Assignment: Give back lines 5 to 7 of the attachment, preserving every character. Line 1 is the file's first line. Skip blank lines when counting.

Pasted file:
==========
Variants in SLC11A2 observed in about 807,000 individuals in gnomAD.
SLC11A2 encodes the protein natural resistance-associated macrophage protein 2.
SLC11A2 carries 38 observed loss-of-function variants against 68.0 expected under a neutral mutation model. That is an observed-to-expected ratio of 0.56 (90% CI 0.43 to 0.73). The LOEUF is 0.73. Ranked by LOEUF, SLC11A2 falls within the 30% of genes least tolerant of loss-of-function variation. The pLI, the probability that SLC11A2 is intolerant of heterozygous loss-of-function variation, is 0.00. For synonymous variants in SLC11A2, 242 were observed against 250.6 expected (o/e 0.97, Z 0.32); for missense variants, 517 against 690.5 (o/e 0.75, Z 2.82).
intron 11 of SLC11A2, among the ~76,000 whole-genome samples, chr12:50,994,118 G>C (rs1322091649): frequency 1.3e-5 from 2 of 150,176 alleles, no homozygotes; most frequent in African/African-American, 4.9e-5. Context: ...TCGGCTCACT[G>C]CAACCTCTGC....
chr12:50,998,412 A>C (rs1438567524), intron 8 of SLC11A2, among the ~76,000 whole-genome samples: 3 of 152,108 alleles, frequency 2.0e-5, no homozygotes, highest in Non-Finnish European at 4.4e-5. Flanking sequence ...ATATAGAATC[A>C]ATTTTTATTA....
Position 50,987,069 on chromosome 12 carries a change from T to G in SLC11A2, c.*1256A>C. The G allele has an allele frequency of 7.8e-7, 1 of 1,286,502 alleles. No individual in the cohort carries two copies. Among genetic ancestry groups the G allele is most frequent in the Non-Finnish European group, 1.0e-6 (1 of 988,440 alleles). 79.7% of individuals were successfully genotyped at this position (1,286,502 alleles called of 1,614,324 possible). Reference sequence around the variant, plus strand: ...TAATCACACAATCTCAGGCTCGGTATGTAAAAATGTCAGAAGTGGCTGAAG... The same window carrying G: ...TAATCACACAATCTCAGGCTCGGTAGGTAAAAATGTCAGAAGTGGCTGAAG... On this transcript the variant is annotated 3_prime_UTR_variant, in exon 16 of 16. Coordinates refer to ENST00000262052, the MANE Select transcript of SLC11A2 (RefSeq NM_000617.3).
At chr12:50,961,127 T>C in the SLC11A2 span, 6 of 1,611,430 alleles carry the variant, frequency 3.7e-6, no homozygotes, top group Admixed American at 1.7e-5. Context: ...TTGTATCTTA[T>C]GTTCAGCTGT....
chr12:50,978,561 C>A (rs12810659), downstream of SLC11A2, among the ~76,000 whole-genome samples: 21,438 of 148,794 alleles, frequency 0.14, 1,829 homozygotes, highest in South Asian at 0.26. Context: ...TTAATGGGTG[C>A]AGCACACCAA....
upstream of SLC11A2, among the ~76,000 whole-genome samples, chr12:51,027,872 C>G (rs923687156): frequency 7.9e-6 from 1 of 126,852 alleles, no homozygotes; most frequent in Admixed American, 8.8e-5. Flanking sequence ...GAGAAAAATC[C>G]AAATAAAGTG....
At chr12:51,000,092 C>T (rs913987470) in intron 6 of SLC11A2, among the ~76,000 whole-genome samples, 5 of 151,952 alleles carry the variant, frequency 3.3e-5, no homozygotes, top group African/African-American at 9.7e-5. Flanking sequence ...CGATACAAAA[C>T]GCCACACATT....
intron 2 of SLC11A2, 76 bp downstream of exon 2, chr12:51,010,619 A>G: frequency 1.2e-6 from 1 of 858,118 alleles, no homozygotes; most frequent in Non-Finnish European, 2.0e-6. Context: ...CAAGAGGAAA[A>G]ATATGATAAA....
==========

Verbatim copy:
chr12:50,998,412 A>C (rs1438567524), intron 8 of SLC11A2, among the ~76,000 whole-genome samples: 3 of 152,108 alleles, frequency 2.0e-5, no homozygotes, highest in Non-Finnish European at 4.4e-5. Flanking sequence ...ATATAGAATC[A>C]ATTTTTATTA....
Position 50,987,069 on chromosome 12 carries a change from T to G in SLC11A2, c.*1256A>C. The G allele has an allele frequency of 7.8e-7, 1 of 1,286,502 alleles. No individual in the cohort carries two copies. Among genetic ancestry groups the G allele is most frequent in the Non-Finnish European group, 1.0e-6 (1 of 988,440 alleles). 79.7% of individuals were successfully genotyped at this position (1,286,502 alleles called of 1,614,324 possible). Reference sequence around the variant, plus strand: ...TAATCACACAATCTCAGGCTCGGTATGTAAAAATGTCAGAAGTGGCTGAAG... The same window carrying G: ...TAATCACACAATCTCAGGCTCGGTAGGTAAAAATGTCAGAAGTGGCTGAAG... On this transcript the variant is annotated 3_prime_UTR_variant, in exon 16 of 16. Coordinates refer to ENST00000262052, the MANE Select transcript of SLC11A2 (RefSeq NM_000617.3).
At chr12:50,961,127 T>C in the SLC11A2 span, 6 of 1,611,430 alleles carry the variant, frequency 3.7e-6, no homozygotes, top group Admixed American at 1.7e-5. Context: ...TTGTATCTTA[T>C]GTTCAGCTGT....